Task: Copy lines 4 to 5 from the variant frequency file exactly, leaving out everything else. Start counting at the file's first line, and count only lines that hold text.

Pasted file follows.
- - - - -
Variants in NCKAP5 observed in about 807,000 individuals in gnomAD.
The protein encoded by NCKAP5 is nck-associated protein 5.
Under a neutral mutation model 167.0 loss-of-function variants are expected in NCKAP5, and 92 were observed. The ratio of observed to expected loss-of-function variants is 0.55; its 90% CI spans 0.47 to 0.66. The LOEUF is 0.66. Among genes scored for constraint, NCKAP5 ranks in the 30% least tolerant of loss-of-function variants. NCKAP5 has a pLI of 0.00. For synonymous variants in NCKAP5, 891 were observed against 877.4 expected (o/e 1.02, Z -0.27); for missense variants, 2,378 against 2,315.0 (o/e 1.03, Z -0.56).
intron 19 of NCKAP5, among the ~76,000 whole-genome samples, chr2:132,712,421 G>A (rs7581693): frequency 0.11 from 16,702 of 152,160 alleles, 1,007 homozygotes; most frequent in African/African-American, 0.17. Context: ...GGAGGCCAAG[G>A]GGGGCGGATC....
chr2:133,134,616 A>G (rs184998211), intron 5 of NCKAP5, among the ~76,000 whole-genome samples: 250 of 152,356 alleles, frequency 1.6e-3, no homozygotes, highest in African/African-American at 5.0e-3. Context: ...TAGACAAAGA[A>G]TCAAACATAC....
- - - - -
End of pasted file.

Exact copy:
intron 19 of NCKAP5, among the ~76,000 whole-genome samples, chr2:132,712,421 G>A (rs7581693): frequency 0.11 from 16,702 of 152,160 alleles, 1,007 homozygotes; most frequent in African/African-American, 0.17. Context: ...GGAGGCCAAG[G>A]GGGGCGGATC....
chr2:133,134,616 A>G (rs184998211), intron 5 of NCKAP5, among the ~76,000 whole-genome samples: 250 of 152,356 alleles, frequency 1.6e-3, no homozygotes, highest in African/African-American at 5.0e-3. Context: ...TAGACAAAGA[A>G]TCAAACATAC....